The potential damage to state and local budgets could be widespread.

Already, in Illinois, for example, pension payments amount to nearly 13 percent of the general budget. The state has had to borrow money to make the payments for two years in a row. Even under the current rules, less than 40 percent of the pension costs are funded.

In a place such as Wisconsin, where pensions have been fully funded under current rules, the revised accounting would create billions in new liabilities.

The core of the dispute involves how much money should be set aside today to make pension payments in the future.

Proponents of the current pension accounting method in essence assume that the pension funds will achieve an 8 percent return on their investment over the long term. They argue that state and local governments should just put in enough money now and depend on that rate of return.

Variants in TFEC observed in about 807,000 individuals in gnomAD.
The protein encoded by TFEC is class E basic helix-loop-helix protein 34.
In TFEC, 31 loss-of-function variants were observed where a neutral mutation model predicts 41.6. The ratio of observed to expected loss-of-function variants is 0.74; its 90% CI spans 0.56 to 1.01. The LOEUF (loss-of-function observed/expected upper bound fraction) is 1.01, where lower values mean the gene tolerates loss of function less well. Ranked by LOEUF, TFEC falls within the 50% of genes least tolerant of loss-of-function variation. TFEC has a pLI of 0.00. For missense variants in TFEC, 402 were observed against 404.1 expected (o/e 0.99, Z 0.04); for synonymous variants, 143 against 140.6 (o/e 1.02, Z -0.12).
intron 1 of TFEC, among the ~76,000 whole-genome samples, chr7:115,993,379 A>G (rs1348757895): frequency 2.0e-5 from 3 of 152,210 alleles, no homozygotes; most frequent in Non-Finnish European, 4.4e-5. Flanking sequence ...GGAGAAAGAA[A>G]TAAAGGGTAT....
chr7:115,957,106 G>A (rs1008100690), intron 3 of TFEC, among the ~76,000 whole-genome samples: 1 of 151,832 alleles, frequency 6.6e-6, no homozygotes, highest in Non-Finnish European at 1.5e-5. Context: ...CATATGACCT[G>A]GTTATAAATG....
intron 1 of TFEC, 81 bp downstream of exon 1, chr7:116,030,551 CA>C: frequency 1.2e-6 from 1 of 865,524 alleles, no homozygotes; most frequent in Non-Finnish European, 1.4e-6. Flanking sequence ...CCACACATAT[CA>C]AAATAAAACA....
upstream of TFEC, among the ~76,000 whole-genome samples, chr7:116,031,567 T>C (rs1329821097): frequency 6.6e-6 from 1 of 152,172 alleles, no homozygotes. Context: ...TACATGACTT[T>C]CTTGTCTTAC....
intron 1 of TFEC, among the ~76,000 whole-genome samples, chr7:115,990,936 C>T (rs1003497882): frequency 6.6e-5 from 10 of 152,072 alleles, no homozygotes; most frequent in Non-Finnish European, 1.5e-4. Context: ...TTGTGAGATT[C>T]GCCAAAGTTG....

"I don't think 8 percent is a really high number. It's a reasonable number," said Dean Baker, co-director of the Center for Economic and Policy Research, which recently issued a report about the issue.

Moreover, Baker and other economists noted that the trillion-dollar figure is so large because it represents pension expenses over decades. On an annual basis, pension payments presently represent only a small percentage of states' annual budgets, so increasing pension contributions should not cripple government finances, they argue.

Some states and cities have serious shortfalls, but pension costs on the whole are a "modest" demand on state and local budgets, Aaron said.

Even so, the sums involved are large.

Huge shortfalls

Although Munnell has reported a $1.9 trillion shortfall, others, such as finance professors Robert Novy-Marx and Joshua D. Rauh, have calculated higher figures.